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Rhode Island Opioid Summary

Revised February 2018

Opioid-Related Overdose Deaths

Rhode Island is among the top ten states with the highest rates of opioid-related overdose deaths. In 2016, there were 279 opioid-related overdose deaths­­­ in Rhode Island—a rate of 26.7 deaths per 100,000 persons and more than twice the national rate of 13.3 deaths per 100,000. Heroin-related overdose deaths declined from 2014 to 2016 from 66 to 25 deaths. However, overdose deaths attributed to synthetic opioids and prescription opioids, increased during this period from 82 to 182 deaths and from 88 to 114 deaths, respectively.

This graph shows the rate of opioid-related overdose deaths in Rhode Island compared to the United States from 1999-2016. In 2016, the opioid overdose death rate was 26.7 deaths per 100,000 persons in Rhode Island, versus 13.3 deaths per 100,000 persons in the United States.

Opioid Pain Reliever Prescriptions

In 2013, Rhode Island providers wrote 82.8 opioid prescriptions per 100 persons (approximately 870,000 prescriptions). Since then, opioid prescriptions in the United States have declined, with a nearly 19.1 percent decline in Rhode Island from 2013 to 2015, resulting in an estimated 69.4 opioid prescriptions per 100 persons (approximately 732,000 prescriptions) in 2015. In the same year, the average U.S. rate was 70 opioid prescriptions per 100 persons (IMS Health, 2016). 

This graph shows the number of opioid-related overdose deaths in Rhode Island from 1999-2016. In 2016, there were 279 opioid-related overdose deaths: 182 involved synthetic opioids, 25 involved heroin, and 114 involved prescription opioids. Categories are not mutually exclusive because deaths may involve more than one drug.

Neonatal Abstinence Syndrome (NAS)

A CDC study analyzing 2013 NAS data available across 28 states estimated the national average NAS rate at 0.6 percent of live births. The incidence of NAS in Rhode Island increased from 2.8 cases per 1,000 births in 2002 to 7.3 cases per 1,000 in 2012—a more than twofold increase. (CDC, MMWR, 2014).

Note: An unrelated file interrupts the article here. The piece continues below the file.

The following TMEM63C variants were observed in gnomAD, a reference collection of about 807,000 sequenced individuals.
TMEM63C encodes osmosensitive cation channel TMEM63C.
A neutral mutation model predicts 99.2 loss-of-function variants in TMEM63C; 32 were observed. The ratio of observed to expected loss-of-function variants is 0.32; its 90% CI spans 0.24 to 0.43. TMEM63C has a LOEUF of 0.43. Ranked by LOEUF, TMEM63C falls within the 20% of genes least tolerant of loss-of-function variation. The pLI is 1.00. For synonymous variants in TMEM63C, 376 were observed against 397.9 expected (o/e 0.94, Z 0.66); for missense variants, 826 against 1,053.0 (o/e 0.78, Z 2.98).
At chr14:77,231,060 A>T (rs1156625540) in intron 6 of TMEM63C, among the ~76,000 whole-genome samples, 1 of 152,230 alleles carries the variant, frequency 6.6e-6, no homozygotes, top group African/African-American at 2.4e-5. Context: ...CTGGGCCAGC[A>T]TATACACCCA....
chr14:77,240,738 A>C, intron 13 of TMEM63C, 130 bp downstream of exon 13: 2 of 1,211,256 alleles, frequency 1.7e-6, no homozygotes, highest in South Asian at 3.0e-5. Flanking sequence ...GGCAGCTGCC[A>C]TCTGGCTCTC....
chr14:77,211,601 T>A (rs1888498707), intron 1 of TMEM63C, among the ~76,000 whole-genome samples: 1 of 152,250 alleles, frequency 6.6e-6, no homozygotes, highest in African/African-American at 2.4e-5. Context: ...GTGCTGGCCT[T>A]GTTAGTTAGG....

HIV Prevalence and HIV Diagnoses Attributed to Injection Drug Use (IDU)

  • U.S. Incidence: In 2015, 9.1 percent (3,5941) of the 39,513 new diagnoses of HIV in the United States were attributed to IDU. Among new cases, 8.2 percent (2,6141) of cases among men and 13.2 percent (980) of cases among women were transmitted via IDU (CDC).
  • U.S. Prevalence: In 2014, 955,081 Americans were living with a diagnosed HIV infection—a rate of 299.5 per 100,000 persons. Of these, 18.1 percent (131,0561) of males and 22.6 percent (52,013) of females were living with HIV attributed to IDU (CDC).
  • State Incidence: Of the new HIV cases in 2015, 64 occurred in Rhode Island, with 6.3 percent1 of new cases in males and 9.5 percent of new cases in females attributed to IDU (AIDSVu).
  • State Prevalence: In 2014, an estimated 2,264 persons were living with a diagnosed HIV infection in Rhode Island—a rate of 250 infections per 100,000 persons. Of these, 22.6 percent1 of males and 30.4 percent of females were living with HIV attributed to IDU (AIDSVu).

Hepatitis C (HCV) Prevalence and HCV Diagnoses Attributed to Injection Drug Use

  • U.S. Incidence: In 2015, there were 181,871 reported cases of chronic HCV and 33,900 estimated cases of acute HCV2 (CDC). Where data were available, 64.2 percent of acute cases reported IDU (CDC).
  • U.S. Prevalence: An estimated 3.5 million Americans are living with HCV, including approximately 2.7 million living with chronic infections (CDC).
  • State Incidence: Current state incidence data are not available. From 2010 to 2014, 35.1 percent of people who inject drugs had HCV (RI.gov).
  • State Prevalence: As of 2016, an estimated 16,603 to 22,660 persons (approximately 2.0 percent) were living with HCV in Rhode Island (RI.gov).

Additional Resources

NIH RePORTER FY2017 NIH-funded projects related to opioid use and use disorder in Rhode Island: 3

Notes

  1. Includes transmission to individuals with injection drug use as a risk factor.
  2. 2015 estimate after adjusting for under-ascertainment and under-reporting. Data for 2015 were unavailable for Alaska, Arizona, Connecticut, the District of Columbia, Hawaii, Iowa, Mississippi, New Hampshire, Rhode Island, and Wyoming.

This page was last updated February 2018

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